Before Matt started working on the railroad, we were interested in trains. We took a trip from Minneapolis to Duluth on the 261, and learned why people wore travel clothes during the era of steam travel. Steam travel is really dirty. Our clothes and hair were full of cinders at the end of the journey, and while we had kind of snerked at the people who came on the train wearing goggles, we agreed that if we were ever to do this again, goggles were the way to go.
I had fond memories of railroads from my childhood (BN and UP), and so did Matt (DM&IR), and seriously, who doesn't like trains to at least some extent? But when we visited the Depot in Duluth, or slowed down to be "caught" by a train at a crossing so we could watch it instead of trying to beat it, we didn't know about the huge subculture of train lovers that's out there.
Matt sees it, now, almost every day: The guys (almost always guys) standing at crossings or along sidings with cameras on tripods, ready to film him as he drives by. There are thousands of videos on YouTube of trains going through crossings, engine switchings, coming down or going up hills, and so on. There are fewer now on the DM&IR lines because the CN engines aren't as pretty (or maintained as well) as the old engines were, but they're still there. They are known as foamers, for foaming-at-the-mouth enthusiasm they have for trains.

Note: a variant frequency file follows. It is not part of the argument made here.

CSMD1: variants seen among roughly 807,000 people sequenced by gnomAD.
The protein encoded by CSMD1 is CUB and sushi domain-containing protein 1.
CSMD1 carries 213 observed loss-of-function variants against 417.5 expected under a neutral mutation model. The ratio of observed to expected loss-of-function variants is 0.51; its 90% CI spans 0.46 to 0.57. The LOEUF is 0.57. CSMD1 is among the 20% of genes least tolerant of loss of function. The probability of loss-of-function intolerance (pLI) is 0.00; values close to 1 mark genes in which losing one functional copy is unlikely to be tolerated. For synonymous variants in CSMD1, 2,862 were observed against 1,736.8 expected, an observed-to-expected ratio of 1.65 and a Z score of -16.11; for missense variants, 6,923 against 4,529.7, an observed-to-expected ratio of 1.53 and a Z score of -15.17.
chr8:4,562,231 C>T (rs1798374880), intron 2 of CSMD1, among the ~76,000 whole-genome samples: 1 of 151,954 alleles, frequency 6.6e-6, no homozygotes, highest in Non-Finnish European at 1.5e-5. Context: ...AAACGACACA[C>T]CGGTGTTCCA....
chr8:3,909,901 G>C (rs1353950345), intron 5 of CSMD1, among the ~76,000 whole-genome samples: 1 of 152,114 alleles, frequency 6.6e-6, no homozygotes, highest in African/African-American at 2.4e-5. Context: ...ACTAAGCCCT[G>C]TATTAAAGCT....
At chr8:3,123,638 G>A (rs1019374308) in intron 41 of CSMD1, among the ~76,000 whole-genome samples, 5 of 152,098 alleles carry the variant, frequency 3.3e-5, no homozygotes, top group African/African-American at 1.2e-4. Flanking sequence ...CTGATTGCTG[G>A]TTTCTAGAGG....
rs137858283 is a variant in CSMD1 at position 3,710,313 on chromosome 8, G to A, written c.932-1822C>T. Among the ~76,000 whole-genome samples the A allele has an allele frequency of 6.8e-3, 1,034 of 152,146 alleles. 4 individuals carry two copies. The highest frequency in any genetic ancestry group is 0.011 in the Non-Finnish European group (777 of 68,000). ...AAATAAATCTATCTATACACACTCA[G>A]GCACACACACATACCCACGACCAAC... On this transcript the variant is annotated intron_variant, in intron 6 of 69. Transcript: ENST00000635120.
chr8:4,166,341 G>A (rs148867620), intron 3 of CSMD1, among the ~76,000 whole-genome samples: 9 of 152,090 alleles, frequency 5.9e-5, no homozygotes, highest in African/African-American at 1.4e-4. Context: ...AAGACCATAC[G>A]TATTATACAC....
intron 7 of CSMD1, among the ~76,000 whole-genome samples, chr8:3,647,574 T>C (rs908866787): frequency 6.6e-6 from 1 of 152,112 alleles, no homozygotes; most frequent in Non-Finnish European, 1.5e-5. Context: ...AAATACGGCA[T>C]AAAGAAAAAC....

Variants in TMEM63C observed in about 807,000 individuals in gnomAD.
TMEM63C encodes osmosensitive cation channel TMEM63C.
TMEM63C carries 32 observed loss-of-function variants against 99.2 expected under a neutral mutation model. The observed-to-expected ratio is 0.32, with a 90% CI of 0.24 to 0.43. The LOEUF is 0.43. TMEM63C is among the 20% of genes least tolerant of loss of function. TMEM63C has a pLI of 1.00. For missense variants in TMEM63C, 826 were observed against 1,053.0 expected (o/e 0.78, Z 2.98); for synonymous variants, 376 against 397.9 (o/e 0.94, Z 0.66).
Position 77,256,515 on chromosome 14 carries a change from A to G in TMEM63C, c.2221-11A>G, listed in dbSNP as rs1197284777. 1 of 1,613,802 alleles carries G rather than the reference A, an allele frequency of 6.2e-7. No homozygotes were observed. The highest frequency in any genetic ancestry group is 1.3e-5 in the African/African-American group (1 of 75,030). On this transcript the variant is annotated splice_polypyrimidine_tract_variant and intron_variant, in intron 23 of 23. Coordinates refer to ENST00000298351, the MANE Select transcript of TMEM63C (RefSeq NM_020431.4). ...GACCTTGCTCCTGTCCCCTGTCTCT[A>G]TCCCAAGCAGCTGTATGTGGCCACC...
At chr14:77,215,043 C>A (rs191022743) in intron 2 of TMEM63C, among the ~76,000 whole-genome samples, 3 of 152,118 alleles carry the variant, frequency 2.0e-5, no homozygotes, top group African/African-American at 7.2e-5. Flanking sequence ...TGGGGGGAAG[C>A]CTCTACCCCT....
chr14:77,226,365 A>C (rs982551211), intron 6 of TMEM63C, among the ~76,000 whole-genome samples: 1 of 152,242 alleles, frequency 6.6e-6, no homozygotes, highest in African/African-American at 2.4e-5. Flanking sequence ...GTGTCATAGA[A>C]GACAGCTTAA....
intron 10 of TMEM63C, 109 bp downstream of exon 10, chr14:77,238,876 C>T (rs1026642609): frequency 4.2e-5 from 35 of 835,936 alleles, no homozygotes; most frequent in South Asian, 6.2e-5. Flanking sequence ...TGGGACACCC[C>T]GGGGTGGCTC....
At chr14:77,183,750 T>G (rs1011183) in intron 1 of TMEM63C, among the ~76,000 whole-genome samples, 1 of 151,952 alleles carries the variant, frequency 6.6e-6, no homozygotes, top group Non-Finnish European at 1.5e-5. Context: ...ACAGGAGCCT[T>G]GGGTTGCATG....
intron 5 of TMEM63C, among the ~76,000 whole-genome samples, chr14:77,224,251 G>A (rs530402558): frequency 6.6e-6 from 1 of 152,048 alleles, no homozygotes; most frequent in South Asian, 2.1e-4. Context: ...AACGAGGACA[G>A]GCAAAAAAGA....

We've poked around foamer photography sites and found trains that Matt was working on. It's funny to watch some of the videos, although some of them are quite well done. You can buy videos of trains doing just about anything, and we get vaguely naughty come-ons from the the main seller (which has the kind-of tee-hee name Pentrex) for DVDs such as "Trains At Speed!" On the other hand, Matt says it's kind of odd to work a job that people love to photograph and tape.
Today, I joined the ranks of foamers. I knew Matt was taking a train up soon after I dropped the kids off. I got into position at the crossing and was ready. I made some amateur errors -- you can hear my hazard lights clicking; I started filming way too early (it doesn't get interesting until about a minute into it); and because I didn't get out of the car (I was still in my kid-drop-off pajama pants), the pan across the crossing gets a little awkward. In all, I think it's a pretty good first effort. If you watch carefully, you can see the engineer put his hand out the window and give a tiny wave just as the train is crossing. Yay Matt!